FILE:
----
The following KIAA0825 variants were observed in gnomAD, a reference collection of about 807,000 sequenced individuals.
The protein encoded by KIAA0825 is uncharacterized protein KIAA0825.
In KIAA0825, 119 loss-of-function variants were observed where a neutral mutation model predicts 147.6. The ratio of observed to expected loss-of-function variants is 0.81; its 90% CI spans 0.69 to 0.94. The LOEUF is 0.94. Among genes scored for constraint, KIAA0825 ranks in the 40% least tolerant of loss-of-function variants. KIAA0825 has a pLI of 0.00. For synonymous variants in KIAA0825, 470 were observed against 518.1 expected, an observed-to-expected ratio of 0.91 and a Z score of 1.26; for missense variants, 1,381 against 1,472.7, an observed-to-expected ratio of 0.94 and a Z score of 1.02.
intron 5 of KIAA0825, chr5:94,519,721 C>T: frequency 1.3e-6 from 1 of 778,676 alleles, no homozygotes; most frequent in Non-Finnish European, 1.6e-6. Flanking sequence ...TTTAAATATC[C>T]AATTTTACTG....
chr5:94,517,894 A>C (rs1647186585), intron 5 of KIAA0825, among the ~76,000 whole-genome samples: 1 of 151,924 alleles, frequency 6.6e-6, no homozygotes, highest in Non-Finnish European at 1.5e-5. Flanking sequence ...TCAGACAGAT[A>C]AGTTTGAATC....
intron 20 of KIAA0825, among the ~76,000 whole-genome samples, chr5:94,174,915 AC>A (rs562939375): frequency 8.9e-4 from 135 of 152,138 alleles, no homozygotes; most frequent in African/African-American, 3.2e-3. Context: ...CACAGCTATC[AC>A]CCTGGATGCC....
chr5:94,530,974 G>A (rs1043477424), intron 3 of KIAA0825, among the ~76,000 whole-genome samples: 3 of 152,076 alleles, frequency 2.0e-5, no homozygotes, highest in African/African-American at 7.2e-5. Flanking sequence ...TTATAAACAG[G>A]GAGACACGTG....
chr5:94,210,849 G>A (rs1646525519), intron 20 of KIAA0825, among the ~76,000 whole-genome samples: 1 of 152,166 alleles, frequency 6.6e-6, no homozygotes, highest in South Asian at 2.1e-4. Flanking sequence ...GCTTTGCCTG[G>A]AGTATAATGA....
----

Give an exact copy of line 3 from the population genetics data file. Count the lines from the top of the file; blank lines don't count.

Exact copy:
In KIAA0825, 119 loss-of-function variants were observed where a neutral mutation model predicts 147.6. The ratio of observed to expected loss-of-function variants is 0.81; its 90% CI spans 0.69 to 0.94. The LOEUF is 0.94. Among genes scored for constraint, KIAA0825 ranks in the 40% least tolerant of loss-of-function variants. KIAA0825 has a pLI of 0.00. For synonymous variants in KIAA0825, 470 were observed against 518.1 expected, an observed-to-expected ratio of 0.91 and a Z score of 1.26; for missense variants, 1,381 against 1,472.7, an observed-to-expected ratio of 0.94 and a Z score of 1.02.